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Impact of scheduling multiple outdoor free-play periods in childcare on child moderate-to-vigorous physical activity: a cluster randomised trial

Razak, Lubna Abdul, Yoong, Sze Lin, Wiggers, John, Morgan, Philip J., Jones, Jannah, Finch, Meghan, Sutherland, Rachel, Lecathelnais, Christophe, Gillham, Karen, Clinton-McHarg, Tara, Wolfenden, Luke
The international journal of behavioral nutrition and physical activity 2018 v.15 no.1 pp. 34
accelerometers, child care, children, clinical trials, collectors, parents, physical activity, New England region, New South Wales, New Zealand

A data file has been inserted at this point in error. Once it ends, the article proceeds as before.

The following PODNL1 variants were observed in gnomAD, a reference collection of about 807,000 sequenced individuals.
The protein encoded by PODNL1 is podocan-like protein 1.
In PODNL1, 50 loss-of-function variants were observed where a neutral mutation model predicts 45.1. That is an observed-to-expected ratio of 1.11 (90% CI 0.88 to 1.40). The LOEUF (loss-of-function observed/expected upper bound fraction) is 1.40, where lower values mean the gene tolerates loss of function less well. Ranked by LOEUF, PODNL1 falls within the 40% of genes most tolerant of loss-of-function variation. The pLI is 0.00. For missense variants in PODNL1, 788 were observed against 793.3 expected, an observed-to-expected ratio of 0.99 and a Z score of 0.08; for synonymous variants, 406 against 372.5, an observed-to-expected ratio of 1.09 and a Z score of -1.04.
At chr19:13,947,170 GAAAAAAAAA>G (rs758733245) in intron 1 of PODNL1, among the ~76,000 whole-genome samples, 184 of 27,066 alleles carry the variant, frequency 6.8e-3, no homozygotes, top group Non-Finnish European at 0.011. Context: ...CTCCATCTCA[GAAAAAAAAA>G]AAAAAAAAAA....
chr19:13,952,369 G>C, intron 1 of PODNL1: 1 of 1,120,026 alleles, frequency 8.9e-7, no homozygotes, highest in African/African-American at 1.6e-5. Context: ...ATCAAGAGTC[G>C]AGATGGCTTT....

BACKGROUND: Increasing the frequency of periods of outdoor free-play in childcare may represent an opportunity to increase child physical activity. This study aimed to assess the efficacy of scheduling multiple periods of outdoor free-play in increasing the time children spend in moderate-to-vigorous physical activity (MVPA) while attending childcare. METHODS: The study employed a cluster randomised controlled trial design involving children aged 3 to 6 years, attending ten childcare services in the Hunter New England region of New South Wales, Australia. Five services were randomised to receive the intervention and five to a control condition. The intervention involved services scheduling three separate periods of outdoor free-play from 9 am to 3 pm per day, each at least 15 min in duration, with the total equivalent to their usual daily duration of outdoor play period. Control services implemented the usual single continuous period of outdoor free-play over this time. The primary outcome, children’s moderate-to-vigorous physical activity (MVPA) while in care per day, was measured over 5 days via accelerometers at baseline and at 3 months post baseline. Secondary outcomes included percentage of time spent in MVPA while in care per day, total physical activity while in care per day and documented child injury, a hypothesised potential unintended adverse event. Childcare services and data collectors were not blind to the experimental group allocation. RESULTS: Parents of 439 (71.6%) children attending participating childcare services consented for their child to participate in the trial. Of these, 316 (72.0%) children provided valid accelerometer data at both time points. Relative to children in control services, mean daily minutes of MVPA in care was significantly greater at follow-up among children attending intervention services (adjusted difference between groups 5.21 min, 95% CI 0.59–9.83 p = 0.03). Percentage of time spent in MVPA in care per day was also greater at follow-up among children in intervention services relative to control services (adjusted difference between groups 1.57, 95% CI 0.64–2.49 p < 0.001). Total physical activity while in care per day, assessed via counts per minute approached but did not reach significance (adjusted difference between groups 14.25, 95% CI 2.26–30.76 p = 0.09). There were no differences between groups in child injury nor subgroup interactions for the primary trial outcome by child age, sex, or baseline MVPA levels. CONCLUSION: Scheduling multiple periods of outdoor free-play significantly increased the time children spent in MVPA while in attendance at childcare. This simple ecological intervention could be considered for broader dissemination as a strategy to increase child physical activity at a population level. TRIAL REGISTRATION: This trial was prospectively registered with the Australian New Zealand Clinical Trials Registry (ANZCTR) (ACTRN1261000347460). Prospectively registered 17th March 2016.